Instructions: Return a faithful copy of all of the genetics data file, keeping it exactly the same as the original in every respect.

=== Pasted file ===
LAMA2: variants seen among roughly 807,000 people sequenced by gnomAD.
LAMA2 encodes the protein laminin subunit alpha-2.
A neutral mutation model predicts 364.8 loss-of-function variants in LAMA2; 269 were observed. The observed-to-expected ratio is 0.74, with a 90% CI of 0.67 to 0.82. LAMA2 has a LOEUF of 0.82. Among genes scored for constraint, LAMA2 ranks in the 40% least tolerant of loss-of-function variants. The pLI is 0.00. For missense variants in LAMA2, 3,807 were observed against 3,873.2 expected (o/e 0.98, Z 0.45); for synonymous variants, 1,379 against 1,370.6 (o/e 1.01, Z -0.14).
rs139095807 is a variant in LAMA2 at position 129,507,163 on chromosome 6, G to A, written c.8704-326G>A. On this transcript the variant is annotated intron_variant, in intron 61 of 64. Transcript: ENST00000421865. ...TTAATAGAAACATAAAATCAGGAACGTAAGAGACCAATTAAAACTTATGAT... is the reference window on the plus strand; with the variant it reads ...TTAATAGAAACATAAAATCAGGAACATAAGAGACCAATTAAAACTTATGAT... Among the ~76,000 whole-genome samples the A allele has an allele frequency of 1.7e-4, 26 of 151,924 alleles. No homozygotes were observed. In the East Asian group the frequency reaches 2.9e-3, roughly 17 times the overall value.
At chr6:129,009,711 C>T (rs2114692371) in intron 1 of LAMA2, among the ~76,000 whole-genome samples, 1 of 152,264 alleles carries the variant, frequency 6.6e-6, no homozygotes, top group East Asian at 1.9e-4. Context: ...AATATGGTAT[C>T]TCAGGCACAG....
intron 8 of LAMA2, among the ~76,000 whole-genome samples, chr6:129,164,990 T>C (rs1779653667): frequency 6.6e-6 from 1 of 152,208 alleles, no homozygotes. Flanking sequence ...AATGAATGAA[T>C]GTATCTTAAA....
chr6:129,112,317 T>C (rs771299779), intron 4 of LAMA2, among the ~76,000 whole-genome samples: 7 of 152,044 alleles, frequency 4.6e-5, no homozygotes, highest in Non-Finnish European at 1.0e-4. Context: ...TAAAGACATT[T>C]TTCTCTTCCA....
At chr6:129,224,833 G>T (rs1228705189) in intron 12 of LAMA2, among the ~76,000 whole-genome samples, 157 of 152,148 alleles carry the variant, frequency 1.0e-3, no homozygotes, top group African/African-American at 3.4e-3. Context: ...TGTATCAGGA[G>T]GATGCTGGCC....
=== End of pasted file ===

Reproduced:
LAMA2: variants seen among roughly 807,000 people sequenced by gnomAD.
LAMA2 encodes the protein laminin subunit alpha-2.
A neutral mutation model predicts 364.8 loss-of-function variants in LAMA2; 269 were observed. The observed-to-expected ratio is 0.74, with a 90% CI of 0.67 to 0.82. LAMA2 has a LOEUF of 0.82. Among genes scored for constraint, LAMA2 ranks in the 40% least tolerant of loss-of-function variants. The pLI is 0.00. For missense variants in LAMA2, 3,807 were observed against 3,873.2 expected (o/e 0.98, Z 0.45); for synonymous variants, 1,379 against 1,370.6 (o/e 1.01, Z -0.14).
rs139095807 is a variant in LAMA2 at position 129,507,163 on chromosome 6, G to A, written c.8704-326G>A. On this transcript the variant is annotated intron_variant, in intron 61 of 64. Transcript: ENST00000421865. ...TTAATAGAAACATAAAATCAGGAACGTAAGAGACCAATTAAAACTTATGAT... is the reference window on the plus strand; with the variant it reads ...TTAATAGAAACATAAAATCAGGAACATAAGAGACCAATTAAAACTTATGAT... Among the ~76,000 whole-genome samples the A allele has an allele frequency of 1.7e-4, 26 of 151,924 alleles. No homozygotes were observed. In the East Asian group the frequency reaches 2.9e-3, roughly 17 times the overall value.
At chr6:129,009,711 C>T (rs2114692371) in intron 1 of LAMA2, among the ~76,000 whole-genome samples, 1 of 152,264 alleles carries the variant, frequency 6.6e-6, no homozygotes, top group East Asian at 1.9e-4. Context: ...AATATGGTAT[C>T]TCAGGCACAG....
intron 8 of LAMA2, among the ~76,000 whole-genome samples, chr6:129,164,990 T>C (rs1779653667): frequency 6.6e-6 from 1 of 152,208 alleles, no homozygotes. Flanking sequence ...AATGAATGAA[T>C]GTATCTTAAA....
chr6:129,112,317 T>C (rs771299779), intron 4 of LAMA2, among the ~76,000 whole-genome samples: 7 of 152,044 alleles, frequency 4.6e-5, no homozygotes, highest in Non-Finnish European at 1.0e-4. Context: ...TAAAGACATT[T>C]TTCTCTTCCA....
At chr6:129,224,833 G>T (rs1228705189) in intron 12 of LAMA2, among the ~76,000 whole-genome samples, 157 of 152,148 alleles carry the variant, frequency 1.0e-3, no homozygotes, top group African/African-American at 3.4e-3. Context: ...TGTATCAGGA[G>T]GATGCTGGCC....